Irvine had two brilliant efforts cleared, Harris hit the bar as Stuttgart just about waved the white flag. They knew they were on the way out and their President, Herr Fritz Walter, speaking at the after match banquet at a Simonstone hotel: “Burnley richly deserved their 2-0 success.” Burnley Express correspondent Keith McNee believed that to be a real understatement and said that whoever Burnley got in the next round just had to provide a stiffer test.
It wasn't a perfect night for everyone, and poor Mr. Hollingworth from Read was so upset about the events he penned a letter to the local paper. “I would like to say that I was disappointed by the attitude of a certain section of so called football fans,” he wrote. “Despite the high standard of football and sportsmanship being displayed people were leaving the ground early and in my opinion this amounted to rank bad manners. It spoiled the enjoyment of those who wished to stay to the end.”
Mr. Hollingworth did well out of it, he won the Burnley Express Letter of the Week award and collected one guinea (£1.05) – which was over four times the admission charge.
Sides such as Ferencvaros, Leipzig Locomotive, Juventus, Seville, Napoli and Benfica were still in the competition as well as Leeds and West Brom and it was possible for us to be drawn against any of them.
Just a couple of days after the victory Harry Potts made his way to Zurich for the draw and we were paired with Lausanne Sports of Switzerland, who somehow hadn't been able to make it to the draw. Only just over a year earlier we had played them, and beaten them 2-1, in a pre-season tournament.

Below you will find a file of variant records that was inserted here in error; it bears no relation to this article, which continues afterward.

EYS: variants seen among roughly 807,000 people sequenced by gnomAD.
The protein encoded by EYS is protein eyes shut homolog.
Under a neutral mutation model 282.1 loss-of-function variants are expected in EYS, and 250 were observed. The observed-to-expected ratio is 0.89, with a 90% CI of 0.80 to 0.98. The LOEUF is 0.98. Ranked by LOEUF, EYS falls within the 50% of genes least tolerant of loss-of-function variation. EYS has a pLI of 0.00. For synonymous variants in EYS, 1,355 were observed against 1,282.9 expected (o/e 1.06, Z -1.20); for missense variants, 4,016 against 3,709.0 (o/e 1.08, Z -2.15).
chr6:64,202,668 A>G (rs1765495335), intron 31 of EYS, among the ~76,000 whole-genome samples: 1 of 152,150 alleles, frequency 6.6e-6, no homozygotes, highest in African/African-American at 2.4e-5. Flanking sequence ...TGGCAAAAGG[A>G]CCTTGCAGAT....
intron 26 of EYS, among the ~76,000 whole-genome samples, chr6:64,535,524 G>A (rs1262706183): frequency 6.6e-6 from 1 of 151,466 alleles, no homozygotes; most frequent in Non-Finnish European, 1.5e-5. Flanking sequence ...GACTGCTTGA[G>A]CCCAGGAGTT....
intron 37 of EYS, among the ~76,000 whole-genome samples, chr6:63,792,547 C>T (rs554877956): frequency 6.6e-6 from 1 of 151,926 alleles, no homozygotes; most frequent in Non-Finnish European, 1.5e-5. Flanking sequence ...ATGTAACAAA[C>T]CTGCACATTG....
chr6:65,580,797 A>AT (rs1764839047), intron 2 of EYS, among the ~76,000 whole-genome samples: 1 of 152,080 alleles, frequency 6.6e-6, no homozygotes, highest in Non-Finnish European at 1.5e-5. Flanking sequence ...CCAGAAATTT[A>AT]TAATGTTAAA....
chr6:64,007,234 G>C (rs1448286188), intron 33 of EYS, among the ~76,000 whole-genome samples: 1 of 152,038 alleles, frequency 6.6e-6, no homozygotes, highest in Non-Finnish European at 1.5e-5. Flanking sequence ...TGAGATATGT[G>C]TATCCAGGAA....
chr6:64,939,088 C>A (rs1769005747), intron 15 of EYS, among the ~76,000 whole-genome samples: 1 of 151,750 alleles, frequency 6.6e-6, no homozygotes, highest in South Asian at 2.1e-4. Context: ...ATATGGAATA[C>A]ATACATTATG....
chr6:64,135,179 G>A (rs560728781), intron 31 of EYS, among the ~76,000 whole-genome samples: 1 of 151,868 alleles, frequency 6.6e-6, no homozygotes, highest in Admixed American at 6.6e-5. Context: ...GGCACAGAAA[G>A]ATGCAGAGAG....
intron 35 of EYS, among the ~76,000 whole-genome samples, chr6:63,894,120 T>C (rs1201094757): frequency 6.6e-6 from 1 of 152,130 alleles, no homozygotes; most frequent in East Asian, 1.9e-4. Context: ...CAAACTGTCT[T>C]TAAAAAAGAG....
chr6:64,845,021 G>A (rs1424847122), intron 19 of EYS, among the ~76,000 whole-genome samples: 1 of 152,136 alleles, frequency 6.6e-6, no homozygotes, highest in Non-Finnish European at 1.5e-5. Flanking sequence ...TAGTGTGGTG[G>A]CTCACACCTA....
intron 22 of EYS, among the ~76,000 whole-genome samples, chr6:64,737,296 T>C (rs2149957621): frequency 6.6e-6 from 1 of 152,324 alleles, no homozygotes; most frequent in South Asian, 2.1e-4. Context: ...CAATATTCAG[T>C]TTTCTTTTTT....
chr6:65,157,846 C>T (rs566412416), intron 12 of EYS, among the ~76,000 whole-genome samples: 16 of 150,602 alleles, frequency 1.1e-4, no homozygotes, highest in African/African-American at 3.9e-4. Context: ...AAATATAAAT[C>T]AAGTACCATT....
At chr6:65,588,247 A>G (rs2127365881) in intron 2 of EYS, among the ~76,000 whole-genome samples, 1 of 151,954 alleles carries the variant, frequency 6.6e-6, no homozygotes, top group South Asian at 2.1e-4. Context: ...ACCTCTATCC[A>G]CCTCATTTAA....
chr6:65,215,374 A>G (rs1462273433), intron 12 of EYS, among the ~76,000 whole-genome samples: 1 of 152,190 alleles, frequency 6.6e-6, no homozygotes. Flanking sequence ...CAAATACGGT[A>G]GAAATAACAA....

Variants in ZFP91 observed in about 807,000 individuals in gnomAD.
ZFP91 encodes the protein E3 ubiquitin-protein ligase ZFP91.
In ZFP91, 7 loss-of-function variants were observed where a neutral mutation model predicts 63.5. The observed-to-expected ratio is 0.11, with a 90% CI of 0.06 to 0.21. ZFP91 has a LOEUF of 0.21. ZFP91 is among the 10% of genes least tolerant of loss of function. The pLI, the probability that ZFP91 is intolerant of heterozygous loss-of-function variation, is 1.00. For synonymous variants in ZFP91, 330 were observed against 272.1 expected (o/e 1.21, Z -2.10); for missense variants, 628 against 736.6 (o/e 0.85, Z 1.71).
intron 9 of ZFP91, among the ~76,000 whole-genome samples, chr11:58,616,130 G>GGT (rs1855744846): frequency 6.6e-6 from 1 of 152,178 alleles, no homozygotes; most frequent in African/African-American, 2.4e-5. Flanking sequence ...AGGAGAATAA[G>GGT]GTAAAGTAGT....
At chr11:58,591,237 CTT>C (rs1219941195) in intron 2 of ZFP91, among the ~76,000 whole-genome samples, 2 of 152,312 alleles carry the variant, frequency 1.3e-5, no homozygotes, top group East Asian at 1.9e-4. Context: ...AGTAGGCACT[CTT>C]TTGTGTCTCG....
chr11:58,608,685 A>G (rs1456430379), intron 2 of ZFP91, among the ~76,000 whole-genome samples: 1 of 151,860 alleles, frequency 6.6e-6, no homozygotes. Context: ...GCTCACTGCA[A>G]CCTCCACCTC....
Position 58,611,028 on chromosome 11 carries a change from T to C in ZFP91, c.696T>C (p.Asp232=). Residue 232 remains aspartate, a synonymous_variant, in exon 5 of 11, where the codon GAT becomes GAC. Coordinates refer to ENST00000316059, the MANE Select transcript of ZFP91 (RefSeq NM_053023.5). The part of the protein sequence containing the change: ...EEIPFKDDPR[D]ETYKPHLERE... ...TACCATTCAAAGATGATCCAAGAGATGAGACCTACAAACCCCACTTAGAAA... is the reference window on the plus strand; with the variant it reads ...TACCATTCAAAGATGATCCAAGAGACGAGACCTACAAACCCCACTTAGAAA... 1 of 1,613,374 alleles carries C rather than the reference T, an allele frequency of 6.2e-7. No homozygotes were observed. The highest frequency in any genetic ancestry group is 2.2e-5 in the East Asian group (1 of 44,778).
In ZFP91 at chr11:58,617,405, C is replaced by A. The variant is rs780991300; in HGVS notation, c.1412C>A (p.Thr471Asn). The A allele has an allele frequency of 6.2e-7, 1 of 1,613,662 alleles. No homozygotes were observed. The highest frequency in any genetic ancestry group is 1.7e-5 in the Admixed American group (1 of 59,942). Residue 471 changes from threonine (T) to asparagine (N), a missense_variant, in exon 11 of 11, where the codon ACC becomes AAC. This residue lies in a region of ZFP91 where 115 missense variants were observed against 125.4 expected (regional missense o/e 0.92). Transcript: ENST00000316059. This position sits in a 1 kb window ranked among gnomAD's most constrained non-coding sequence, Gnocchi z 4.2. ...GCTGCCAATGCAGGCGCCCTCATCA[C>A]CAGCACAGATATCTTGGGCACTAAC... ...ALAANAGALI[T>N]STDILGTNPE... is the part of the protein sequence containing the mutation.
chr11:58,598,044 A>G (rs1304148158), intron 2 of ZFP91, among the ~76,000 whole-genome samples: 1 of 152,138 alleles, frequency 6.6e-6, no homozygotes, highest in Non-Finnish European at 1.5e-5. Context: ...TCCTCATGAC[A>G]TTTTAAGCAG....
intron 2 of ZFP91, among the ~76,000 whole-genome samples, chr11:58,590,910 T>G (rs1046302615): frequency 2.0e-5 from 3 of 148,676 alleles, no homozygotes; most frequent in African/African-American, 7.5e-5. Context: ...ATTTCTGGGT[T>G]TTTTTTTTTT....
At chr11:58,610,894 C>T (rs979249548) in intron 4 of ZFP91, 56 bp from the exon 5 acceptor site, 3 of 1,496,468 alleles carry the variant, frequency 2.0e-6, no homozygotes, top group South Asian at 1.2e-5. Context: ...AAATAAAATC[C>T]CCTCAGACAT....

“This is a good draw,” said Elder. “Lausanne are a known quantity and, with nine internationals, they play classy football which will suit us down to the ground. We must have a great chance of reaching the last sixteen.”
Coach Jimmy Adamson added: “This is a very satisfactory draw. They should be two really good games because Lausanne are a footballing side, not strong arm boys. If we could have picked our opposition, we might well have picked Lausanne.”
It had been a good week for Burnley, and a massive week for centre forward Willie Irvine. He'd scored the goal in Stuttgart and although he didn't score in the second leg he had another excellent game. Within days of the game he'd scored the only goal of the game as we beat Blackpool in a First Division fixture and then had a fixture of his own when he married local girl Rita Berry at St. Peter's Church in Burnley before holding their reception at the Sparrow Hawk Hotel across the road.
They moved into a house in Eastern Avenue but by 1968 they were on their travels to the delights of Preston, Brighton and Halifax. They soon moved back to live locally and next week Willie and Rita will be celebrating their Ruby Wedding. Clarets Mad would like to send them our congratulations and best wishes.
The teams for the Stuttgart game were;
Burnley: Adam Blacklaw, John Angus, Brian Miller, Arthur Bellamy, John Talbut, Sammy Todd, Willie Morgan, Andy Lochhead, Willie Irvine, Gordon Harris, Ralph Coates.
Vfb Suttgart: Pfeifer, Bohringer, Hoffman, Pfisterer, Siebold, Weiss, Gress, Entenmann, Larsson, Huttary, Reiner.
Referee: E Bostrom (Sweden).